Predictably Irrational by Dan Ariely: Notes10 min read

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Predictably Irrational explains the hidden forces that really drive how we make decisions, which are far less rational than we think, but can help us stay on top of our finances, interact better with others and live happier lives, once we know about them.

Dan is  a professor of psychology and behavioral economics and researches on how we make choices. How we decide what things are worth to us, what influences the way we experience the world and how we tackle long-term goals are all shockingly irrational, and this book sheds some light on just how incoherent we are, so you can be more reasonable in the future.

#3 lessons

  • We compare whatever we can, so give others easy comparisonsto pick you.
  • Free is really just another price, but a powerful one.
  • You overvalue what you own.

Lesson 1: Give others easy comparisons, so they’ll value you more highly.

Imagine you’re trying to buy a new lawnmower, one of those fancy ones you can sit on and drive around. The local brick and mortar store around the corner has some, but just one model, and it’s priced at $3,000. Is that good or bad?

It’s really tough to say, isn’t it, without having something to compare it against to?

Let’s say you walk down the street and find another store, which has two different models, the first one you saw at the first store, and another one, which has slightly better functionality and looks better, but costs more than double, $7,000! This makes it a lot easier to pick the first one, doesn’t it?

We’re wired to compare things, and our brains do so in the easiest way possible.

We compare what’s right in front of us, not necessarily what we should think about or look at that might not be around at the time.

So if you give people options to compare yourself or your products to, which are slightly worse, they’ll pick you more often.

For example, if you’re single, and you show up at the club with a friend, who looks similar, but slightly less attractive than you, people will always compare the two of you against one another. It’s a lot easier to compare you two than to compare one of you with all the other, different looking people, or people they saw a week ago at another club, so if you can get people to think you’re hotter than your friend, they’ll likely even think you’re the prettiest person at the club!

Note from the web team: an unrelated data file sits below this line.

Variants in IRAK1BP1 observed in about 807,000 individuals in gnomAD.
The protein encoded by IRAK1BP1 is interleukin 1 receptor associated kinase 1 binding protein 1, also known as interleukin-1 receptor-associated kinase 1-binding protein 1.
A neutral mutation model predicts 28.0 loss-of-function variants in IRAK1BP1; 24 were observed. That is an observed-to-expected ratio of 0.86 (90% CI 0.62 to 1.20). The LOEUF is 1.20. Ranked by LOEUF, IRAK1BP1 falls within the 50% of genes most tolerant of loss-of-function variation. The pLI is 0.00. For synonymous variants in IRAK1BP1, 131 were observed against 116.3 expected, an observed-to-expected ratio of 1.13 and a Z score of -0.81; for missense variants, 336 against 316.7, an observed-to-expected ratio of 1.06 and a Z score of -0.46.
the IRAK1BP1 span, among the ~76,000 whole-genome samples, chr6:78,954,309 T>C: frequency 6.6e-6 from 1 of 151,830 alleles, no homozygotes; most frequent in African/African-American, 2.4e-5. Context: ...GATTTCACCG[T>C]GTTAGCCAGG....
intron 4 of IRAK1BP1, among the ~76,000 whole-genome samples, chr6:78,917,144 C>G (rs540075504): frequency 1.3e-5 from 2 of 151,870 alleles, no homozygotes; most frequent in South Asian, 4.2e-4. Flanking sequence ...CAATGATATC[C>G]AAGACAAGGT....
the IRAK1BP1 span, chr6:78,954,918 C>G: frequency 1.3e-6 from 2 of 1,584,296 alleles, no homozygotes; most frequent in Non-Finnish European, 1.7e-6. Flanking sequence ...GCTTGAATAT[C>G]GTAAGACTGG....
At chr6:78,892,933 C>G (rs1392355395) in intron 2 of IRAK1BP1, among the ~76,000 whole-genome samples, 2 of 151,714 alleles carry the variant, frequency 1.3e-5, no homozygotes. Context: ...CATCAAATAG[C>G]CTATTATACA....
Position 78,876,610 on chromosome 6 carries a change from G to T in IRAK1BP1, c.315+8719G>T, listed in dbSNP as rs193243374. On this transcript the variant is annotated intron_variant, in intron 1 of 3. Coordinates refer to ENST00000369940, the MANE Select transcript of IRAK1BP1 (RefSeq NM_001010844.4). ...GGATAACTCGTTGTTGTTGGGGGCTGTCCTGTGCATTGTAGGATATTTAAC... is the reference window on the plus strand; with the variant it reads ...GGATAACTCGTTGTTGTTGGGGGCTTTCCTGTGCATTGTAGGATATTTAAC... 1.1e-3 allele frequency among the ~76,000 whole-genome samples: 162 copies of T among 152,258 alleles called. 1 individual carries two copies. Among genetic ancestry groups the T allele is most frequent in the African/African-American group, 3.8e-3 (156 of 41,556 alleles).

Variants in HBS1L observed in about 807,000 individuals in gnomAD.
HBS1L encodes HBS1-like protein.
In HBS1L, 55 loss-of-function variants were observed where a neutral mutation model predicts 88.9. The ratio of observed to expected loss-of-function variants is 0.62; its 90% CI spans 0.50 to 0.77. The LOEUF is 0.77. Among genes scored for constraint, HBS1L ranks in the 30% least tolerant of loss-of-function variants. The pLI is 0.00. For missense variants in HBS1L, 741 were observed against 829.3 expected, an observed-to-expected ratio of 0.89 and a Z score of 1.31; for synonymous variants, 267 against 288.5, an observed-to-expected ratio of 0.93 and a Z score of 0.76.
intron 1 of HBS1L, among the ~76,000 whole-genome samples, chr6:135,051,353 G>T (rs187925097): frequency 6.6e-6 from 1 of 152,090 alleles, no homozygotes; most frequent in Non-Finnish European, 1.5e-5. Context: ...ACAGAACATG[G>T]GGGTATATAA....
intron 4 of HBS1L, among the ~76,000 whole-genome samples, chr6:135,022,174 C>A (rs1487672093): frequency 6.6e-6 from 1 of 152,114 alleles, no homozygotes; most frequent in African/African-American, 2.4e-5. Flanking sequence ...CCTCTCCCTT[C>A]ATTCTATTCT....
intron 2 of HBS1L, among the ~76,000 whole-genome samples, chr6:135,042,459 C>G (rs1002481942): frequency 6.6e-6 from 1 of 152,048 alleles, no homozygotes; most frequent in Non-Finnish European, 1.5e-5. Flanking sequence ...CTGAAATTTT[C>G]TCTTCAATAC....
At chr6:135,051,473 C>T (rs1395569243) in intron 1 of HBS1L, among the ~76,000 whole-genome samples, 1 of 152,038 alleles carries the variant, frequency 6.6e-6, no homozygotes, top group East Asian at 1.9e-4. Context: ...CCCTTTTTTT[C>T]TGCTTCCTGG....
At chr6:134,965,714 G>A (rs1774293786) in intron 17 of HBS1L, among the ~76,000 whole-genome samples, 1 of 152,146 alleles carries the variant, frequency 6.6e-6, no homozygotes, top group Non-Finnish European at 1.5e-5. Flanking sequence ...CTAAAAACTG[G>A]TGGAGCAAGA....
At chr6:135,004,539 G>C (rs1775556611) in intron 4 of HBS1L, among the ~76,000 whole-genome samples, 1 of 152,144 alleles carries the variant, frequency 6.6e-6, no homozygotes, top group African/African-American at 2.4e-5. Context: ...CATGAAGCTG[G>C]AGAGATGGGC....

Offering comparisons means selling, and while experiments like the one above are fun, you shouldn’t abuse this. Plus, for the sake of your own happiness, it’s best to try and stop comparing altogether.

Lesson 2: Free is just another kind of price, but a very powerful one.

When people hear something is free they go insane. Do you have a box at home with free gifts you’ve collected over the years, that you never use, but still keep? Or do you always go for the “buy one, get one free” deal when it’s offered to you?

Dan Ariely says free is a powerful emotional trigger, but at its core, it’s just another price – the price of zero dollars.

However, the difference between $0 and even just $0.01 is huge. When Dan did a study offering people to buy a Lindt truffle for $0.26 or a Hershey’s kiss for $0.01, the groups were split evenly (40% for each of the chocolates, with 20% of people buying nothing). But when they reduced both prices by one cent, making the cost of the truffle $0.25, but the cost of the Hershey’s kisses $0.00 (=free), 90% decided to go for the Hershey’s kisses, even though the difference in price was the same.

This has to do with our incredibly strong tendency to avoid losses wherever possible. If we buy something and it’s bad, we lose money. But if we get something for free, the potential downside is zero, but it still might be good for us, so we value free items disproportionately high.

Lesson 3: The endowment effect causes you to overvalue what you own.

In a funny video of one of his shows, famous stand up comedian George Carlin says about how we look at other people’s possessions: “Have you ever noticed that their stuff is shit and your shit is stuff?”

In a nutshell, this expresses the economic concept of the endowment effect – the fact that we value things more highly once we own them.

For example, if you bought that Lindt truffle in the above example for $0.26 cents, chances are you wouldn’t sell it to me at that price after you’ve had it for even just a minute. You’d likely quote me a price that’s somewhere around twice as high, maybe $0.50.

At Duke University, this phenomenon was investigated with baseball tickets. To get one you have to enter a lottery, so all participants are equally likely to get a ticket, or not. But once the tickets have been distributed, those who won them wouldn’t sell them for less than a staggering $2,400, while those who didn’t win any wouldn’t pay more than $170.

That’s the endowment effect at work and it’s based on three things:

We love what we own, simply because of our memories and fantasies about it (“I loved wearing this shirt at work/I’ll have so much fun at the game”).

We hate losing things we own, whereas we don’t mind missing out on something all that much.

We expect others to think highly of the same things we do (“If I like this carpet, I’m sure all my friends will like it too).

Predictably Irrational by Dan Ariely

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Detailed Summary

Many of our behaviors are misguided.

But they’re not random; they’re systematic and predictable.

By recognizing our irrational patterns, we can make better decisions in life and business.

The Five Big Ideas

We tend to focus on what we may lose, rather than what we may gain.

With everything you do, you should train yourself to question your repeated behaviors.

We assume other people will see monetary transactions from the same perspective as we do.

People will work more for a cause than for cash.